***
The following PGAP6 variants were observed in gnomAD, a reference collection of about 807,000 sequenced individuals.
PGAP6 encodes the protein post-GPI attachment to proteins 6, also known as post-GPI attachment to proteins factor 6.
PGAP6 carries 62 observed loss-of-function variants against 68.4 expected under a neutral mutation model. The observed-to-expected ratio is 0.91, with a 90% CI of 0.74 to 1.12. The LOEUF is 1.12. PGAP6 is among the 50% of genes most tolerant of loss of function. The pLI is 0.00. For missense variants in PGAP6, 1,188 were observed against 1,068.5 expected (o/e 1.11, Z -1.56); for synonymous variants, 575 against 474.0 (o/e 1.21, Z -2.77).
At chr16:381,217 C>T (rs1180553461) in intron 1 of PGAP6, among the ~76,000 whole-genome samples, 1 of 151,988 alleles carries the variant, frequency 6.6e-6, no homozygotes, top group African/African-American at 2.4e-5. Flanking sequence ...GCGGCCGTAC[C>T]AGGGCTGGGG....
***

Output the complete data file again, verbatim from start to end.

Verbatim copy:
The following PGAP6 variants were observed in gnomAD, a reference collection of about 807,000 sequenced individuals.
PGAP6 encodes the protein post-GPI attachment to proteins 6, also known as post-GPI attachment to proteins factor 6.
PGAP6 carries 62 observed loss-of-function variants against 68.4 expected under a neutral mutation model. The observed-to-expected ratio is 0.91, with a 90% CI of 0.74 to 1.12. The LOEUF is 1.12. PGAP6 is among the 50% of genes most tolerant of loss of function. The pLI is 0.00. For missense variants in PGAP6, 1,188 were observed against 1,068.5 expected (o/e 1.11, Z -1.56); for synonymous variants, 575 against 474.0 (o/e 1.21, Z -2.77).
At chr16:381,217 C>T (rs1180553461) in intron 1 of PGAP6, among the ~76,000 whole-genome samples, 1 of 151,988 alleles carries the variant, frequency 6.6e-6, no homozygotes, top group African/African-American at 2.4e-5. Flanking sequence ...GCGGCCGTAC[C>T]AGGGCTGGGG....